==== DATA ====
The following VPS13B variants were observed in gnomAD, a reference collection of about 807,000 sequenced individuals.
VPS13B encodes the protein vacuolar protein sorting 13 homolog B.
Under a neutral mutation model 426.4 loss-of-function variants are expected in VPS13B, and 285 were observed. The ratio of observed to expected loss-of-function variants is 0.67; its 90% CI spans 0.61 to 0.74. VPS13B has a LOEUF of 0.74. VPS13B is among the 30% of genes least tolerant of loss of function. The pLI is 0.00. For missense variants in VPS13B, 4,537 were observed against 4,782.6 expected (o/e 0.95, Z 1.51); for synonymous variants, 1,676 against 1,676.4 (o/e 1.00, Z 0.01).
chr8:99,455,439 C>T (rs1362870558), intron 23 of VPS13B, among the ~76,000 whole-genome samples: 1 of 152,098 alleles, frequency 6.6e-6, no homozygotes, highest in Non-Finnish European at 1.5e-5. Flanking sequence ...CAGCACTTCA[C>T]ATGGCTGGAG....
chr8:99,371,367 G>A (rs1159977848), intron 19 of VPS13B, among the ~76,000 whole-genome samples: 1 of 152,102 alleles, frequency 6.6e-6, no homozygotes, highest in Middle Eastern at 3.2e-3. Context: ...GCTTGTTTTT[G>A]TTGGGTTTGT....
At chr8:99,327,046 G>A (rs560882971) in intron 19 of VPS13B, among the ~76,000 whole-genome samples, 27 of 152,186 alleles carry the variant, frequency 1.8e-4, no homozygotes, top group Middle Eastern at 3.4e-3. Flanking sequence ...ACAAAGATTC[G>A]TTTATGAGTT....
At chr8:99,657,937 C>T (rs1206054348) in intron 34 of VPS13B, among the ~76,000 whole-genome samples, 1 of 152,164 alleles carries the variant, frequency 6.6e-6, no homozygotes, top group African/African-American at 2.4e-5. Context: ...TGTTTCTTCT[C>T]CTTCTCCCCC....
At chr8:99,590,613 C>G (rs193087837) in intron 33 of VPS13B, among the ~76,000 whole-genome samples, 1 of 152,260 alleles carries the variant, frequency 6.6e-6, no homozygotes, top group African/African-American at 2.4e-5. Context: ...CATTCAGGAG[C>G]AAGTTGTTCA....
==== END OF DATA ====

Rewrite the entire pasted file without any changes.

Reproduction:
The following VPS13B variants were observed in gnomAD, a reference collection of about 807,000 sequenced individuals.
VPS13B encodes the protein vacuolar protein sorting 13 homolog B.
Under a neutral mutation model 426.4 loss-of-function variants are expected in VPS13B, and 285 were observed. The ratio of observed to expected loss-of-function variants is 0.67; its 90% CI spans 0.61 to 0.74. VPS13B has a LOEUF of 0.74. VPS13B is among the 30% of genes least tolerant of loss of function. The pLI is 0.00. For missense variants in VPS13B, 4,537 were observed against 4,782.6 expected (o/e 0.95, Z 1.51); for synonymous variants, 1,676 against 1,676.4 (o/e 1.00, Z 0.01).
chr8:99,455,439 C>T (rs1362870558), intron 23 of VPS13B, among the ~76,000 whole-genome samples: 1 of 152,098 alleles, frequency 6.6e-6, no homozygotes, highest in Non-Finnish European at 1.5e-5. Flanking sequence ...CAGCACTTCA[C>T]ATGGCTGGAG....
chr8:99,371,367 G>A (rs1159977848), intron 19 of VPS13B, among the ~76,000 whole-genome samples: 1 of 152,102 alleles, frequency 6.6e-6, no homozygotes, highest in Middle Eastern at 3.2e-3. Context: ...GCTTGTTTTT[G>A]TTGGGTTTGT....
At chr8:99,327,046 G>A (rs560882971) in intron 19 of VPS13B, among the ~76,000 whole-genome samples, 27 of 152,186 alleles carry the variant, frequency 1.8e-4, no homozygotes, top group Middle Eastern at 3.4e-3. Flanking sequence ...ACAAAGATTC[G>A]TTTATGAGTT....
At chr8:99,657,937 C>T (rs1206054348) in intron 34 of VPS13B, among the ~76,000 whole-genome samples, 1 of 152,164 alleles carries the variant, frequency 6.6e-6, no homozygotes, top group African/African-American at 2.4e-5. Context: ...TGTTTCTTCT[C>T]CTTCTCCCCC....
At chr8:99,590,613 C>G (rs193087837) in intron 33 of VPS13B, among the ~76,000 whole-genome samples, 1 of 152,260 alleles carries the variant, frequency 6.6e-6, no homozygotes, top group African/African-American at 2.4e-5. Context: ...CATTCAGGAG[C>G]AAGTTGTTCA....